Editorial - (2021) Volume 10, Issue 3
A novel coronavirus, severe acute respiratory syndrome coronavirus-2 (SARS-CoV-2), is the cause of coronavirus disease 2019 (COVID-19). It emerged in China in 2019 and has since spread worldwide. COVID-19 has a wide spectrum of clinical scenarios, ranging from totally asymptomatic to death. Prevention remains the best approach against SARS-CoV-2 infection and a number of strategies have been adopted, including social and medical interventions. Some vaccines have been proposed and several pharmacological approaches, mainly based on repurposing drugs, are currently under investigation and require validation. This review summarizes the ongoing clinical trials using pharmacological strategies, including vaccines, as prophylaxis to avoid SARS-CoV-2 infection or limit its transmission, and as early treatment of COVID-19 to prevent severe clinical outcomes.
On 11 March 2020, the World Health Organization (WHO) announced a pandemic situation due to the spread of severe acute respiratory syndrome coronavirus-2 (SARS-CoV-2), a novel positive-sense, single-stranded RNA beta coronavirus identified in humans in December 2019 in China that is the cause of coronavirus disease 2019 (COVID-19) In recent years, six other outbreaks caused by coronaviruses have been identified in humans; of these, severe acute respiratory syndrome coronavirus-1 (SARS-CoV-1) and Middle East respiratory syndrome coronavirus (MERS-CoV) were the most pathogenic. SARS-CoV-2 uses the same cellular receptor as SARS-CoV-1, namely human angiotensin-converting enzyme 2 (hACE2).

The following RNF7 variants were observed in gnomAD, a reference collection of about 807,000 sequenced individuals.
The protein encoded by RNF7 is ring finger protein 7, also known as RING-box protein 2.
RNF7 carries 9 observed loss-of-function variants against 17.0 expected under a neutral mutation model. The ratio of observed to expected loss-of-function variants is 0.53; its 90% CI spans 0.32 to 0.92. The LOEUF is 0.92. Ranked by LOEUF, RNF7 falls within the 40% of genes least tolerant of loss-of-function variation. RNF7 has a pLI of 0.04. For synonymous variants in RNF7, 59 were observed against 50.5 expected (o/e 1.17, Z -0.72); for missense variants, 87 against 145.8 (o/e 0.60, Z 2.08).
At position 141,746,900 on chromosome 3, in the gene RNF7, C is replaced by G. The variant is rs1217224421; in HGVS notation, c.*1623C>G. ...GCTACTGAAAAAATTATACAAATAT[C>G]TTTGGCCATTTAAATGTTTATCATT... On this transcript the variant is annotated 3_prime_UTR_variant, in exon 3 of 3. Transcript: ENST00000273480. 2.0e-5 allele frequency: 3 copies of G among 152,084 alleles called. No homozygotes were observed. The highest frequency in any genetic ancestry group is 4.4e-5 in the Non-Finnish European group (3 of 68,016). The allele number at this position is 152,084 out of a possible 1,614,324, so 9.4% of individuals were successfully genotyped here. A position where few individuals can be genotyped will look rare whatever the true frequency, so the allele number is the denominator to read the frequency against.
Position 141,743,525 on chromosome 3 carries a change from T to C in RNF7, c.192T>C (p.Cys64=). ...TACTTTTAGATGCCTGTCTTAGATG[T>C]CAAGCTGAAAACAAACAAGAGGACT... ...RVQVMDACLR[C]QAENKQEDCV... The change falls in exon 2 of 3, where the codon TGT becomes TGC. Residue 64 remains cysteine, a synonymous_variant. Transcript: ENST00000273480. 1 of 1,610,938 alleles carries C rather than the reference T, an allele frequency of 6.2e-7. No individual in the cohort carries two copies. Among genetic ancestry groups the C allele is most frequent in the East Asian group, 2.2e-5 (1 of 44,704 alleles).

The severity of COVID-19 covers the full clinical spectrum from asymptomatic to death. The most common symptoms at the onset of illness are fever, cough, myalgia or fatigue. Headache, diarrhoea and dyspnoea are less common Sepsis is the most common complication, followed by respiratory failure, acute respiratory distress syndrome, heart failure and septic shock .
Prevention of an infectious disease comprises primary, secondary and tertiary elements. Primary prevention aims to reduce the number of new cases by interrupting transmission of the microbiological agent to humans or increasing their resistance to infection. Secondary prevention involves the identification of new cases at the earliest stage, and intervention to halt the progression of an infection during its early, often asymptomatic phases. Finally, tertiary prevention is based on treatments that aim to prevent the worst outcomes of a disease in an individual. The efforts of international health authorities have focused on rapid diagnosis and patient isolation, as well as on the search for therapies able to tackle the most severe effects of the disease. By 7 January 2021, two vaccines–the BNT162b2-BioNTech/Pfizer vaccine and the mRNA-1273-Moderna vaccine–had been approved by the US Food and Drug Administration (FDA) and European.